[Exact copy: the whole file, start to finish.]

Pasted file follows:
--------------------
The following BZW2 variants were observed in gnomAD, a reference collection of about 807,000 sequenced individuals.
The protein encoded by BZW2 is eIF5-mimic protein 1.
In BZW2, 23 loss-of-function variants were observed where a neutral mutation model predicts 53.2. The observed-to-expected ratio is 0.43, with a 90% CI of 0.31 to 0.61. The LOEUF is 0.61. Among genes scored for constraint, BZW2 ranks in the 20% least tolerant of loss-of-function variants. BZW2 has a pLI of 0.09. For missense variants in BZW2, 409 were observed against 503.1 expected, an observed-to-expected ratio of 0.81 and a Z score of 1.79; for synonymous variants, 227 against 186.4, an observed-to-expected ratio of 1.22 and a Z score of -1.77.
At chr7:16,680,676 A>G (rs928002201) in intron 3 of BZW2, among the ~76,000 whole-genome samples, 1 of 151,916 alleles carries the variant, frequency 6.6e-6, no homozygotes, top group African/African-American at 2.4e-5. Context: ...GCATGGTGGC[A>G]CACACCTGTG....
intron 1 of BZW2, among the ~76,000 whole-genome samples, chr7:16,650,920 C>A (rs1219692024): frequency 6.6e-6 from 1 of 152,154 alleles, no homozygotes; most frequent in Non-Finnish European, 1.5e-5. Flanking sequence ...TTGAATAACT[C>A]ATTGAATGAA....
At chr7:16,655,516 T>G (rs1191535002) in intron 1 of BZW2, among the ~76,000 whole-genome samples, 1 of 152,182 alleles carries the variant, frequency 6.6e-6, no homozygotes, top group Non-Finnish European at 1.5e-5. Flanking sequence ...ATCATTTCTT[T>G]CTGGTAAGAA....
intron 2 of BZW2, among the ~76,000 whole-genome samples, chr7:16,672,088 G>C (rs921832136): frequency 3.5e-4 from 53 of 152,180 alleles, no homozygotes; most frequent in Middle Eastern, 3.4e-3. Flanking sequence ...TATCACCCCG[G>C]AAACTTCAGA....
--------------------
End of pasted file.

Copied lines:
The following BZW2 variants were observed in gnomAD, a reference collection of about 807,000 sequenced individuals.
The protein encoded by BZW2 is eIF5-mimic protein 1.
In BZW2, 23 loss-of-function variants were observed where a neutral mutation model predicts 53.2. The observed-to-expected ratio is 0.43, with a 90% CI of 0.31 to 0.61. The LOEUF is 0.61. Among genes scored for constraint, BZW2 ranks in the 20% least tolerant of loss-of-function variants. BZW2 has a pLI of 0.09. For missense variants in BZW2, 409 were observed against 503.1 expected, an observed-to-expected ratio of 0.81 and a Z score of 1.79; for synonymous variants, 227 against 186.4, an observed-to-expected ratio of 1.22 and a Z score of -1.77.
At chr7:16,680,676 A>G (rs928002201) in intron 3 of BZW2, among the ~76,000 whole-genome samples, 1 of 151,916 alleles carries the variant, frequency 6.6e-6, no homozygotes, top group African/African-American at 2.4e-5. Context: ...GCATGGTGGC[A>G]CACACCTGTG....
intron 1 of BZW2, among the ~76,000 whole-genome samples, chr7:16,650,920 C>A (rs1219692024): frequency 6.6e-6 from 1 of 152,154 alleles, no homozygotes; most frequent in Non-Finnish European, 1.5e-5. Flanking sequence ...TTGAATAACT[C>A]ATTGAATGAA....
At chr7:16,655,516 T>G (rs1191535002) in intron 1 of BZW2, among the ~76,000 whole-genome samples, 1 of 152,182 alleles carries the variant, frequency 6.6e-6, no homozygotes, top group Non-Finnish European at 1.5e-5. Flanking sequence ...ATCATTTCTT[T>G]CTGGTAAGAA....
intron 2 of BZW2, among the ~76,000 whole-genome samples, chr7:16,672,088 G>C (rs921832136): frequency 3.5e-4 from 53 of 152,180 alleles, no homozygotes; most frequent in Middle Eastern, 3.4e-3. Flanking sequence ...TATCACCCCG[G>C]AAACTTCAGA....